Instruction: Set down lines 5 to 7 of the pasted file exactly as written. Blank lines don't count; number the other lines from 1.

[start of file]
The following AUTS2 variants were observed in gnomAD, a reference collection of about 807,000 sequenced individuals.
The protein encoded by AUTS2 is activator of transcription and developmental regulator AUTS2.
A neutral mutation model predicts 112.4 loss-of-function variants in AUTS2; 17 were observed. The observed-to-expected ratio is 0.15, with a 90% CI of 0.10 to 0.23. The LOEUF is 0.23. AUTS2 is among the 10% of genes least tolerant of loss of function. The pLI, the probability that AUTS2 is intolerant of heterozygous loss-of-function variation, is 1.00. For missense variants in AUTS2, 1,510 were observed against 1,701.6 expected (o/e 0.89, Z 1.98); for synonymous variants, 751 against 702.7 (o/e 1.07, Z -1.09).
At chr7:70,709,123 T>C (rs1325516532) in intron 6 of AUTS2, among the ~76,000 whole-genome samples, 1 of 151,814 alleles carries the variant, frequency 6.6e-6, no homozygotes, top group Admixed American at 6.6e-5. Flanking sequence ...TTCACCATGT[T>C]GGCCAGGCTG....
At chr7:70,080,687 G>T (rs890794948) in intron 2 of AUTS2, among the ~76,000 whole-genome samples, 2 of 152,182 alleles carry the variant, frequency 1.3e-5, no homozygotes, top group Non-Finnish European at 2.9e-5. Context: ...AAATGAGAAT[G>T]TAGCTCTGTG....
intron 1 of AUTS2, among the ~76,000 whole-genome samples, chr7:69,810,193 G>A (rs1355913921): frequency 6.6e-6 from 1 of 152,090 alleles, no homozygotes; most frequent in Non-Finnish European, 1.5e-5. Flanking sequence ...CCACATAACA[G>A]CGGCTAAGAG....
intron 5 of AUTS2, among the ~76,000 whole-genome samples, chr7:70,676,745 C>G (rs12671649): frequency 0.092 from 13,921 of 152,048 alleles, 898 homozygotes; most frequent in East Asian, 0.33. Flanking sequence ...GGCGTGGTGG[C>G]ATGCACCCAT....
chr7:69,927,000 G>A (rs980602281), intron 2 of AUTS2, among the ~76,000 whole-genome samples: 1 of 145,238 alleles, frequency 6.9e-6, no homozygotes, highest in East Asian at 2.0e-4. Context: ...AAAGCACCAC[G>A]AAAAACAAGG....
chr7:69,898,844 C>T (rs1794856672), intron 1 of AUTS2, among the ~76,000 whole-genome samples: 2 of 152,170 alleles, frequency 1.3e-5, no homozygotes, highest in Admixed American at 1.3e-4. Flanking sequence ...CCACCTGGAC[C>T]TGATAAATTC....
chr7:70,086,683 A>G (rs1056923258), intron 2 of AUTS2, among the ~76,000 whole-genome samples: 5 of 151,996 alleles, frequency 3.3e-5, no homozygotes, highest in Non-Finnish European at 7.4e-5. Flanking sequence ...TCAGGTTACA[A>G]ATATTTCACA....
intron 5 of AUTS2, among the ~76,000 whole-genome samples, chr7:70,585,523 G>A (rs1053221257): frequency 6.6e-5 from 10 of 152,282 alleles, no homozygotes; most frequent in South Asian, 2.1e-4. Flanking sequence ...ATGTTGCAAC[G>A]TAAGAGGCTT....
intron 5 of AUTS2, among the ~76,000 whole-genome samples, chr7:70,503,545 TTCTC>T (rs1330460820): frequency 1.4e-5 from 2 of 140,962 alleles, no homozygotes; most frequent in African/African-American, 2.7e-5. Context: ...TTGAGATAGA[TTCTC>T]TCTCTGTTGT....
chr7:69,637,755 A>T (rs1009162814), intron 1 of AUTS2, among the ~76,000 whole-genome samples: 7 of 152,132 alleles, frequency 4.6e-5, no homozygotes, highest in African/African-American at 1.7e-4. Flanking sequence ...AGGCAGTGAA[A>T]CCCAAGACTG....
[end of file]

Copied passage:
At chr7:70,080,687 G>T (rs890794948) in intron 2 of AUTS2, among the ~76,000 whole-genome samples, 2 of 152,182 alleles carry the variant, frequency 1.3e-5, no homozygotes, top group Non-Finnish European at 2.9e-5. Context: ...AAATGAGAAT[G>T]TAGCTCTGTG....
intron 1 of AUTS2, among the ~76,000 whole-genome samples, chr7:69,810,193 G>A (rs1355913921): frequency 6.6e-6 from 1 of 152,090 alleles, no homozygotes; most frequent in Non-Finnish European, 1.5e-5. Flanking sequence ...CCACATAACA[G>A]CGGCTAAGAG....
intron 5 of AUTS2, among the ~76,000 whole-genome samples, chr7:70,676,745 C>G (rs12671649): frequency 0.092 from 13,921 of 152,048 alleles, 898 homozygotes; most frequent in East Asian, 0.33. Flanking sequence ...GGCGTGGTGG[C>G]ATGCACCCAT....